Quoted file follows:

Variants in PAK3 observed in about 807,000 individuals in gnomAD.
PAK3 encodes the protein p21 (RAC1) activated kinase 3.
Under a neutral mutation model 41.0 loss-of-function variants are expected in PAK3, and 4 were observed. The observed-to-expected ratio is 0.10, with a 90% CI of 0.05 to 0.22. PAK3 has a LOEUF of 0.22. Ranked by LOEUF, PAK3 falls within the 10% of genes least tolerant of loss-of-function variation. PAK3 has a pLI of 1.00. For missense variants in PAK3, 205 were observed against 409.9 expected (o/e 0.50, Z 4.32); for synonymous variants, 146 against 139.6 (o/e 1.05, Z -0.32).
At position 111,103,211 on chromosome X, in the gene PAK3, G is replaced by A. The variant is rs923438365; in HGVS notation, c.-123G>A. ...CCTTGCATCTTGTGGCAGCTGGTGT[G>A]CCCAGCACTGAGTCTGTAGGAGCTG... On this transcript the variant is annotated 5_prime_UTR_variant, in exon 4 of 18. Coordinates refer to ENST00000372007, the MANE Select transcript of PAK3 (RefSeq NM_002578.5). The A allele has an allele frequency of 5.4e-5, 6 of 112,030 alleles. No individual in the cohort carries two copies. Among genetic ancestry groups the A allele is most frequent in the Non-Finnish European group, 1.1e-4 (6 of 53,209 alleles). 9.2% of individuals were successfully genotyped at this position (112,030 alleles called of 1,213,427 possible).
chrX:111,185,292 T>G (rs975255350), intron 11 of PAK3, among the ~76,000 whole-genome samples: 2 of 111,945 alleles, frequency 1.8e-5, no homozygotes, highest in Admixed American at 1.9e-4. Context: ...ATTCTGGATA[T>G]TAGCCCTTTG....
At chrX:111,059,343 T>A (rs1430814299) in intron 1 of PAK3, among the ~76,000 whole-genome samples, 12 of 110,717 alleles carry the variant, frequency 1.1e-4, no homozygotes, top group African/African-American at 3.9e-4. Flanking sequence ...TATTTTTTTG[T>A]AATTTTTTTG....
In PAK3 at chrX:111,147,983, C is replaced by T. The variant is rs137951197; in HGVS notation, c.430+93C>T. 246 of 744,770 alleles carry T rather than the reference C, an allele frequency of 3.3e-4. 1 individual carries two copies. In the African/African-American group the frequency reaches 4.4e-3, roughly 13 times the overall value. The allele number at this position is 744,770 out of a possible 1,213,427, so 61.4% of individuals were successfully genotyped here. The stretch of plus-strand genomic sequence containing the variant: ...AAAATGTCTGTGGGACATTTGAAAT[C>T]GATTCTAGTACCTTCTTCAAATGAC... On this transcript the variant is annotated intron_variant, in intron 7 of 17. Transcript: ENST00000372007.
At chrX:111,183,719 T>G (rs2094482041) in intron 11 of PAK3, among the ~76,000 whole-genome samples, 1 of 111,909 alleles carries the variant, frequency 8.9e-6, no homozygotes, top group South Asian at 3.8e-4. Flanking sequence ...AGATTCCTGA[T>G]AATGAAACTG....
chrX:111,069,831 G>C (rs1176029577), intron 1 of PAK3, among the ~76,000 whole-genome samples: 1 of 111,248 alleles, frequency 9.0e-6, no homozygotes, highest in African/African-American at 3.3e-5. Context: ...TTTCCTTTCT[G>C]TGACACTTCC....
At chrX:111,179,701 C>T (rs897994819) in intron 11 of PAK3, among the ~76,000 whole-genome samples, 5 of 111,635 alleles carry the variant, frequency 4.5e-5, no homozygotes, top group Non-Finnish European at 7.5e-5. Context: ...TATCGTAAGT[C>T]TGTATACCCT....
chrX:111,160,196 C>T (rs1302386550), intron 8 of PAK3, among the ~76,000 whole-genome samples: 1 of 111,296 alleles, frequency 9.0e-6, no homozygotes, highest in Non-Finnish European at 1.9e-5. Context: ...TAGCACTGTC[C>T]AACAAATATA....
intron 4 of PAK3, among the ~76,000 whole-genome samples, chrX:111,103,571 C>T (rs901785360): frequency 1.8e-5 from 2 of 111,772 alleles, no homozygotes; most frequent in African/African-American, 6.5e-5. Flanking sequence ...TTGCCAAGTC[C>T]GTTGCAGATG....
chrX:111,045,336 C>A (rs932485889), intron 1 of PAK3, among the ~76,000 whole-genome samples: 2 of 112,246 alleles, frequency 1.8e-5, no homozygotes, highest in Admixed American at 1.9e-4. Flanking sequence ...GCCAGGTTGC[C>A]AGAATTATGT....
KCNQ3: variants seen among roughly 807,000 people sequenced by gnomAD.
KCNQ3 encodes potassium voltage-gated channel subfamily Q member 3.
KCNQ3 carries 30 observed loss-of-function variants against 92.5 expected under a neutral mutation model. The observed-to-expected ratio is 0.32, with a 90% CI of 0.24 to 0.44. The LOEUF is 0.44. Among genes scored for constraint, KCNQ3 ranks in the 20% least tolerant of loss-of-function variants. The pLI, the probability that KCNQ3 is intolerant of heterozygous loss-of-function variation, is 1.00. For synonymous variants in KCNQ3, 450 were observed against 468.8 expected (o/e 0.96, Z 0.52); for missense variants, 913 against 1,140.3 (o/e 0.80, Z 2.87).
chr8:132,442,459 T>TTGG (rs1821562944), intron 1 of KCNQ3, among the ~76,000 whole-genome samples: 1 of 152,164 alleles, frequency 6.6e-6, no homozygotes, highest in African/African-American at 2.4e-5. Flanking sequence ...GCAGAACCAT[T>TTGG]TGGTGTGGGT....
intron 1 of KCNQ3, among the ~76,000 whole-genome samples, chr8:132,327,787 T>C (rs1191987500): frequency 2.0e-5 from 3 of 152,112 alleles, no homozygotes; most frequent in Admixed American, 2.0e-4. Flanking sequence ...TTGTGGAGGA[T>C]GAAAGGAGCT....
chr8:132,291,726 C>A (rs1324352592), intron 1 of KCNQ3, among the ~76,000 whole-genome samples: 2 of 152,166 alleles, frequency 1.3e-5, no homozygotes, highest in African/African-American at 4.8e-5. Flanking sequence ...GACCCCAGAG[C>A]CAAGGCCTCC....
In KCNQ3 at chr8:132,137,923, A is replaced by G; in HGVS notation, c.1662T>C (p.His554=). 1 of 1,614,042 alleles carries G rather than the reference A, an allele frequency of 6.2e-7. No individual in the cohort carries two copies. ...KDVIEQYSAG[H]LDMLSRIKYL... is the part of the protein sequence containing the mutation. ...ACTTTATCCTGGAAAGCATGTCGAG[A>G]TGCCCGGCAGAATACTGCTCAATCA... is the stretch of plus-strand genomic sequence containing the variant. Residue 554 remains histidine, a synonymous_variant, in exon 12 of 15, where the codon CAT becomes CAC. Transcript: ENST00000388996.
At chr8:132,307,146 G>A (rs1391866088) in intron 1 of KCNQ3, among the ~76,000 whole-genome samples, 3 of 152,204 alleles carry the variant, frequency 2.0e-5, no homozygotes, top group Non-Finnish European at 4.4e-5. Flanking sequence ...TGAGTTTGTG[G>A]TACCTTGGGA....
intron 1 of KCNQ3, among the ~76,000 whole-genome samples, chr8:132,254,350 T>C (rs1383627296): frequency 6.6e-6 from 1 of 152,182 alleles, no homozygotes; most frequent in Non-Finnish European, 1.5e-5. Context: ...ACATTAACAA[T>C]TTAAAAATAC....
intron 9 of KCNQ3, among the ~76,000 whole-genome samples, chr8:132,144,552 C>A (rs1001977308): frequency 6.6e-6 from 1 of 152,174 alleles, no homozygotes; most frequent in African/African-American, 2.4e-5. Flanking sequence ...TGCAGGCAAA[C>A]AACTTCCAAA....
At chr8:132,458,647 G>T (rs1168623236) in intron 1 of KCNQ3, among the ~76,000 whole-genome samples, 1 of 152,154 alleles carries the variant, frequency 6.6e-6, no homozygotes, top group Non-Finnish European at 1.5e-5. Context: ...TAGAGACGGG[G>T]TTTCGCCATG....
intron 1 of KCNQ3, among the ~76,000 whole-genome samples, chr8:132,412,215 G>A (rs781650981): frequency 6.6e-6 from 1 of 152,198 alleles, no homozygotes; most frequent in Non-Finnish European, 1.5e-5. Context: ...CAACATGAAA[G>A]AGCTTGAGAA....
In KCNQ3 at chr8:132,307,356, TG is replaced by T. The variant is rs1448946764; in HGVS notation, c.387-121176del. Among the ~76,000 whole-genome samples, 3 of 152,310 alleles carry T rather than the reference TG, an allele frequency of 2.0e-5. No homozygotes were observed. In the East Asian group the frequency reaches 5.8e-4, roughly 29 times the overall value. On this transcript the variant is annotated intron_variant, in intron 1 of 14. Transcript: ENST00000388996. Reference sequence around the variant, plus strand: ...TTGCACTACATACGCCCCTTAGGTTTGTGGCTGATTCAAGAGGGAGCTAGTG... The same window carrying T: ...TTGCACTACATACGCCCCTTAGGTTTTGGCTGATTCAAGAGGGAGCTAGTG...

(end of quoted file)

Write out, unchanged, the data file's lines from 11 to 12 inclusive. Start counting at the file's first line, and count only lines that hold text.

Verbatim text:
chrX:111,160,196 C>T (rs1302386550), intron 8 of PAK3, among the ~76,000 whole-genome samples: 1 of 111,296 alleles, frequency 9.0e-6, no homozygotes, highest in Non-Finnish European at 1.9e-5. Context: ...TAGCACTGTC[C>T]AACAAATATA....
intron 4 of PAK3, among the ~76,000 whole-genome samples, chrX:111,103,571 C>T (rs901785360): frequency 1.8e-5 from 2 of 111,772 alleles, no homozygotes; most frequent in African/African-American, 6.5e-5. Flanking sequence ...TTGCCAAGTC[C>T]GTTGCAGATG....